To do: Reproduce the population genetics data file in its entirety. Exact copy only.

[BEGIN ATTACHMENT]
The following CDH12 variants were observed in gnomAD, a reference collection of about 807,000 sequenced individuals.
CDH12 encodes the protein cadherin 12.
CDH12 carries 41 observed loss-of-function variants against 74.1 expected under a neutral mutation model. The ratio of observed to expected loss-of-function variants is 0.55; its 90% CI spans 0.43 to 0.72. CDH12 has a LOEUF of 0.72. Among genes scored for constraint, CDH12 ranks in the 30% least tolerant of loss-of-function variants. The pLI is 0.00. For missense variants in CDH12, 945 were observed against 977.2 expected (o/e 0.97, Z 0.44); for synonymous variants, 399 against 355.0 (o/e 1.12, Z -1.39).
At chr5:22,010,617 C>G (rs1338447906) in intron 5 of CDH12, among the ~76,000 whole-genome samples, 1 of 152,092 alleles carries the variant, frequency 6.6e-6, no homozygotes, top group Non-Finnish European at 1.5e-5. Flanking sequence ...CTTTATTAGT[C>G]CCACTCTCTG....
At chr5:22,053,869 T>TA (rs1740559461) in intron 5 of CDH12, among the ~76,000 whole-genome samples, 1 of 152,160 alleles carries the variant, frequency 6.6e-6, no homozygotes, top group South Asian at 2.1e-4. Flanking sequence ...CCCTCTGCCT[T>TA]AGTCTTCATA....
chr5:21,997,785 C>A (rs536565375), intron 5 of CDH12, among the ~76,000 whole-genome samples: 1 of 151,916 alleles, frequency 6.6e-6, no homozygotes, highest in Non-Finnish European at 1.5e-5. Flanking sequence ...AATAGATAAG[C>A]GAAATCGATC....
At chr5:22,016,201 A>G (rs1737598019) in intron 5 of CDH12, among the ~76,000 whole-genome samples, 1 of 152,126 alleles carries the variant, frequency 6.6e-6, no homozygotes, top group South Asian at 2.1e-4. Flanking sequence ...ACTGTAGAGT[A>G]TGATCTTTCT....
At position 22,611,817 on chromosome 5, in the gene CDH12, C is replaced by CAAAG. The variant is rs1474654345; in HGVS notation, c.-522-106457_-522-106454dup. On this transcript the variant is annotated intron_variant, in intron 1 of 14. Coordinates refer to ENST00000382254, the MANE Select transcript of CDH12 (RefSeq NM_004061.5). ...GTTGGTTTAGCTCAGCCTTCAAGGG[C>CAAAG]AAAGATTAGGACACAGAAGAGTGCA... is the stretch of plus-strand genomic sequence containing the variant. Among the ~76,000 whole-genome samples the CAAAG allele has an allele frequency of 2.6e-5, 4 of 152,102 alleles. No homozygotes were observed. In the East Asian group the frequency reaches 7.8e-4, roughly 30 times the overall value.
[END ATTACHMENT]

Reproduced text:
The following CDH12 variants were observed in gnomAD, a reference collection of about 807,000 sequenced individuals.
CDH12 encodes the protein cadherin 12.
CDH12 carries 41 observed loss-of-function variants against 74.1 expected under a neutral mutation model. The ratio of observed to expected loss-of-function variants is 0.55; its 90% CI spans 0.43 to 0.72. CDH12 has a LOEUF of 0.72. Among genes scored for constraint, CDH12 ranks in the 30% least tolerant of loss-of-function variants. The pLI is 0.00. For missense variants in CDH12, 945 were observed against 977.2 expected (o/e 0.97, Z 0.44); for synonymous variants, 399 against 355.0 (o/e 1.12, Z -1.39).
At chr5:22,010,617 C>G (rs1338447906) in intron 5 of CDH12, among the ~76,000 whole-genome samples, 1 of 152,092 alleles carries the variant, frequency 6.6e-6, no homozygotes, top group Non-Finnish European at 1.5e-5. Flanking sequence ...CTTTATTAGT[C>G]CCACTCTCTG....
At chr5:22,053,869 T>TA (rs1740559461) in intron 5 of CDH12, among the ~76,000 whole-genome samples, 1 of 152,160 alleles carries the variant, frequency 6.6e-6, no homozygotes, top group South Asian at 2.1e-4. Flanking sequence ...CCCTCTGCCT[T>TA]AGTCTTCATA....
chr5:21,997,785 C>A (rs536565375), intron 5 of CDH12, among the ~76,000 whole-genome samples: 1 of 151,916 alleles, frequency 6.6e-6, no homozygotes, highest in Non-Finnish European at 1.5e-5. Flanking sequence ...AATAGATAAG[C>A]GAAATCGATC....
At chr5:22,016,201 A>G (rs1737598019) in intron 5 of CDH12, among the ~76,000 whole-genome samples, 1 of 152,126 alleles carries the variant, frequency 6.6e-6, no homozygotes, top group South Asian at 2.1e-4. Flanking sequence ...ACTGTAGAGT[A>G]TGATCTTTCT....
At position 22,611,817 on chromosome 5, in the gene CDH12, C is replaced by CAAAG. The variant is rs1474654345; in HGVS notation, c.-522-106457_-522-106454dup. On this transcript the variant is annotated intron_variant, in intron 1 of 14. Coordinates refer to ENST00000382254, the MANE Select transcript of CDH12 (RefSeq NM_004061.5). ...GTTGGTTTAGCTCAGCCTTCAAGGG[C>CAAAG]AAAGATTAGGACACAGAAGAGTGCA... is the stretch of plus-strand genomic sequence containing the variant. Among the ~76,000 whole-genome samples the CAAAG allele has an allele frequency of 2.6e-5, 4 of 152,102 alleles. No homozygotes were observed. In the East Asian group the frequency reaches 7.8e-4, roughly 30 times the overall value.